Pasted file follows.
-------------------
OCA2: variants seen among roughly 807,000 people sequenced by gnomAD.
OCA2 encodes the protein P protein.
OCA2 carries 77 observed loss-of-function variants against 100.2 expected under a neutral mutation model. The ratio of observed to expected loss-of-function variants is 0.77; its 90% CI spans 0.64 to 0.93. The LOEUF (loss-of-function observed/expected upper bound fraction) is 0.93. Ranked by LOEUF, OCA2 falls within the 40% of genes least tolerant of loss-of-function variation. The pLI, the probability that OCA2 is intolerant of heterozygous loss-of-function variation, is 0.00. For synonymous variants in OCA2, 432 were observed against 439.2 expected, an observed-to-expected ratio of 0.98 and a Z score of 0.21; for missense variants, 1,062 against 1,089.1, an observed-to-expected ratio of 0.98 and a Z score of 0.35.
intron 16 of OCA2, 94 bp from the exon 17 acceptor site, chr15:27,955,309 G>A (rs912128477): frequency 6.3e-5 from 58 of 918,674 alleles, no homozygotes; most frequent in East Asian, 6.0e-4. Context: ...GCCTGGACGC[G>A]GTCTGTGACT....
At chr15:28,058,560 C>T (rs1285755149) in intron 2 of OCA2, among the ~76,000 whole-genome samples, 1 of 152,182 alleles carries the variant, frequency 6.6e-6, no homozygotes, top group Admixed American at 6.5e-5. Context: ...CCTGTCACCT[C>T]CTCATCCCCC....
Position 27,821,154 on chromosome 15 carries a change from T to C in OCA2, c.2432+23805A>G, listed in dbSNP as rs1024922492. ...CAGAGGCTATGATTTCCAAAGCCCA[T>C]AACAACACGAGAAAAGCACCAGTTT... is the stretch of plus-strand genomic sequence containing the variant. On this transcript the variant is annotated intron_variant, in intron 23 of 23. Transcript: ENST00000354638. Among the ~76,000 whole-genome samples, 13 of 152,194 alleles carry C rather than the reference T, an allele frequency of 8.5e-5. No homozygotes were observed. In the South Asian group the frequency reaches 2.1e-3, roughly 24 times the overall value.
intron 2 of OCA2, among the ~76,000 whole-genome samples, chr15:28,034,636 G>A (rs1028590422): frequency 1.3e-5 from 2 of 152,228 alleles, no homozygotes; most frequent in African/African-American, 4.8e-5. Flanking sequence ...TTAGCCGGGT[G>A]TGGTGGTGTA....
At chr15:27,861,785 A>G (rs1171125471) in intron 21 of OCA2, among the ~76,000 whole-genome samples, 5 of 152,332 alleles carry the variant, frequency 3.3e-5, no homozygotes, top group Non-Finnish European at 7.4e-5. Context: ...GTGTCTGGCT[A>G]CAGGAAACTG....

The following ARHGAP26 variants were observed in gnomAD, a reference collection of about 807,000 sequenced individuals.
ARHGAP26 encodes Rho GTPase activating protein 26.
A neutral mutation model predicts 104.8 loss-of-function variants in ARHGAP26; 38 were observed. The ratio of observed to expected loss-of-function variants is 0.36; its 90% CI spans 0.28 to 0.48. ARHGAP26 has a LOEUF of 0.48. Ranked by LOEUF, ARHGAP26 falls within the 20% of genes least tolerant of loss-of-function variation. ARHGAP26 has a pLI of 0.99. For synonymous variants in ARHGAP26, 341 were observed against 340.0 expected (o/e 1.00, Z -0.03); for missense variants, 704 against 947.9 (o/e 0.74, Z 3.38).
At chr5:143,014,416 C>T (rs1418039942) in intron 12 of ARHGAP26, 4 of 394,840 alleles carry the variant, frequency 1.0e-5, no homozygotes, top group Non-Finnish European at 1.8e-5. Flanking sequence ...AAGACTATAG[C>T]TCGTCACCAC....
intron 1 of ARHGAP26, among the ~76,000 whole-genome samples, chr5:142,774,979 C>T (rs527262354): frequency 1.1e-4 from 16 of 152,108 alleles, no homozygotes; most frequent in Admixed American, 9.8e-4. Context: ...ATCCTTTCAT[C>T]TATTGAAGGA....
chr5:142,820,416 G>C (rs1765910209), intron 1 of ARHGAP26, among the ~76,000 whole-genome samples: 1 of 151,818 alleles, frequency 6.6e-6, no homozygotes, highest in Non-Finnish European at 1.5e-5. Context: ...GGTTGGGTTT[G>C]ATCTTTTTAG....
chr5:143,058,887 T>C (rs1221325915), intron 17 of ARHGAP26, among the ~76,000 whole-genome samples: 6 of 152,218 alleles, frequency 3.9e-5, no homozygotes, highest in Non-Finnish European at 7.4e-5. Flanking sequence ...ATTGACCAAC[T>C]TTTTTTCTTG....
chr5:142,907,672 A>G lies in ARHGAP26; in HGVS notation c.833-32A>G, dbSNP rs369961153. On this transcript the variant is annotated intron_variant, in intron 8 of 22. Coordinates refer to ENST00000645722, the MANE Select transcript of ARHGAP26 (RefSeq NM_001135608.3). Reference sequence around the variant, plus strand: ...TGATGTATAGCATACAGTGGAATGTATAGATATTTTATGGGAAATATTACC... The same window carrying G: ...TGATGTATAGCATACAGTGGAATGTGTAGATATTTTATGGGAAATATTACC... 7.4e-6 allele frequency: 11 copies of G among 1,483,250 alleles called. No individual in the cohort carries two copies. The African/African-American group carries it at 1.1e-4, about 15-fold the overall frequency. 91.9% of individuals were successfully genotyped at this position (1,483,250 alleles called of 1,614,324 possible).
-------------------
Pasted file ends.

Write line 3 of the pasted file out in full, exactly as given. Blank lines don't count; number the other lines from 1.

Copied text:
OCA2 carries 77 observed loss-of-function variants against 100.2 expected under a neutral mutation model. The ratio of observed to expected loss-of-function variants is 0.77; its 90% CI spans 0.64 to 0.93. The LOEUF (loss-of-function observed/expected upper bound fraction) is 0.93. Ranked by LOEUF, OCA2 falls within the 40% of genes least tolerant of loss-of-function variation. The pLI, the probability that OCA2 is intolerant of heterozygous loss-of-function variation, is 0.00. For synonymous variants in OCA2, 432 were observed against 439.2 expected, an observed-to-expected ratio of 0.98 and a Z score of 0.21; for missense variants, 1,062 against 1,089.1, an observed-to-expected ratio of 0.98 and a Z score of 0.35.